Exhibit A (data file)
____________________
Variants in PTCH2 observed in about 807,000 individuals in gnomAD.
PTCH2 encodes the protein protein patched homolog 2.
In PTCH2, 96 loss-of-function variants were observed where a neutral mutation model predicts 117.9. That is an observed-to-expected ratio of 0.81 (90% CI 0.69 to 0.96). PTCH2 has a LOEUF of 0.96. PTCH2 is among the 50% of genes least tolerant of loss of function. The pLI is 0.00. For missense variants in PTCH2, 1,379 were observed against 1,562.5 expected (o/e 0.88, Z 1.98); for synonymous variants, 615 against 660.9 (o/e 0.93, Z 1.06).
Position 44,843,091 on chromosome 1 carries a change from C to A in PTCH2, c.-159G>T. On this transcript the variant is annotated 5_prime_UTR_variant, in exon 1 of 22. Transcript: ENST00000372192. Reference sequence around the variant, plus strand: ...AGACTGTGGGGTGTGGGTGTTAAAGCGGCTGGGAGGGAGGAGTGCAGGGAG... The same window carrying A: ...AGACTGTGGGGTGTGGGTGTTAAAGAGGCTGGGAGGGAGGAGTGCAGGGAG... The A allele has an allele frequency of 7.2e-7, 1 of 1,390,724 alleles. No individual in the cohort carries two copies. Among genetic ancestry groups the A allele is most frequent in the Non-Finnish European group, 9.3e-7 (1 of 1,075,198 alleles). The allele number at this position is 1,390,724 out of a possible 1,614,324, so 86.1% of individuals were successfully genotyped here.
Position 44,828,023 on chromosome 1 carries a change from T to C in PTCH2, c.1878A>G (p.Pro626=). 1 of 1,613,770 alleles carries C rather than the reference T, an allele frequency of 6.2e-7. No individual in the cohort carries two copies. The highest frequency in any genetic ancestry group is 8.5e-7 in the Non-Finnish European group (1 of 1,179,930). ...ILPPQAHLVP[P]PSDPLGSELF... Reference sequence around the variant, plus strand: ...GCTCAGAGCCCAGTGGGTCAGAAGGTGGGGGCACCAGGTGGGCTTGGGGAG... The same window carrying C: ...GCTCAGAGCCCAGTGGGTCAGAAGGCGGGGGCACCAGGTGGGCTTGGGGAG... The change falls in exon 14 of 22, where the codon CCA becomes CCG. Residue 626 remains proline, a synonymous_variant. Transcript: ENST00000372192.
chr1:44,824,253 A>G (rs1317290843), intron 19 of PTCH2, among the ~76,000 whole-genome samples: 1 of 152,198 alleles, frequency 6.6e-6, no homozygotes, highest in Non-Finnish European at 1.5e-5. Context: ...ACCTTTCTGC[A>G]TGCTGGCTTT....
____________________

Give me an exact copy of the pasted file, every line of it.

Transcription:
Variants in PTCH2 observed in about 807,000 individuals in gnomAD.
PTCH2 encodes the protein protein patched homolog 2.
In PTCH2, 96 loss-of-function variants were observed where a neutral mutation model predicts 117.9. That is an observed-to-expected ratio of 0.81 (90% CI 0.69 to 0.96). PTCH2 has a LOEUF of 0.96. PTCH2 is among the 50% of genes least tolerant of loss of function. The pLI is 0.00. For missense variants in PTCH2, 1,379 were observed against 1,562.5 expected (o/e 0.88, Z 1.98); for synonymous variants, 615 against 660.9 (o/e 0.93, Z 1.06).
Position 44,843,091 on chromosome 1 carries a change from C to A in PTCH2, c.-159G>T. On this transcript the variant is annotated 5_prime_UTR_variant, in exon 1 of 22. Transcript: ENST00000372192. Reference sequence around the variant, plus strand: ...AGACTGTGGGGTGTGGGTGTTAAAGCGGCTGGGAGGGAGGAGTGCAGGGAG... The same window carrying A: ...AGACTGTGGGGTGTGGGTGTTAAAGAGGCTGGGAGGGAGGAGTGCAGGGAG... The A allele has an allele frequency of 7.2e-7, 1 of 1,390,724 alleles. No individual in the cohort carries two copies. Among genetic ancestry groups the A allele is most frequent in the Non-Finnish European group, 9.3e-7 (1 of 1,075,198 alleles). The allele number at this position is 1,390,724 out of a possible 1,614,324, so 86.1% of individuals were successfully genotyped here.
Position 44,828,023 on chromosome 1 carries a change from T to C in PTCH2, c.1878A>G (p.Pro626=). 1 of 1,613,770 alleles carries C rather than the reference T, an allele frequency of 6.2e-7. No individual in the cohort carries two copies. The highest frequency in any genetic ancestry group is 8.5e-7 in the Non-Finnish European group (1 of 1,179,930). ...ILPPQAHLVP[P]PSDPLGSELF... Reference sequence around the variant, plus strand: ...GCTCAGAGCCCAGTGGGTCAGAAGGTGGGGGCACCAGGTGGGCTTGGGGAG... The same window carrying C: ...GCTCAGAGCCCAGTGGGTCAGAAGGCGGGGGCACCAGGTGGGCTTGGGGAG... The change falls in exon 14 of 22, where the codon CCA becomes CCG. Residue 626 remains proline, a synonymous_variant. Transcript: ENST00000372192.
chr1:44,824,253 A>G (rs1317290843), intron 19 of PTCH2, among the ~76,000 whole-genome samples: 1 of 152,198 alleles, frequency 6.6e-6, no homozygotes, highest in Non-Finnish European at 1.5e-5. Context: ...ACCTTTCTGC[A>G]TGCTGGCTTT....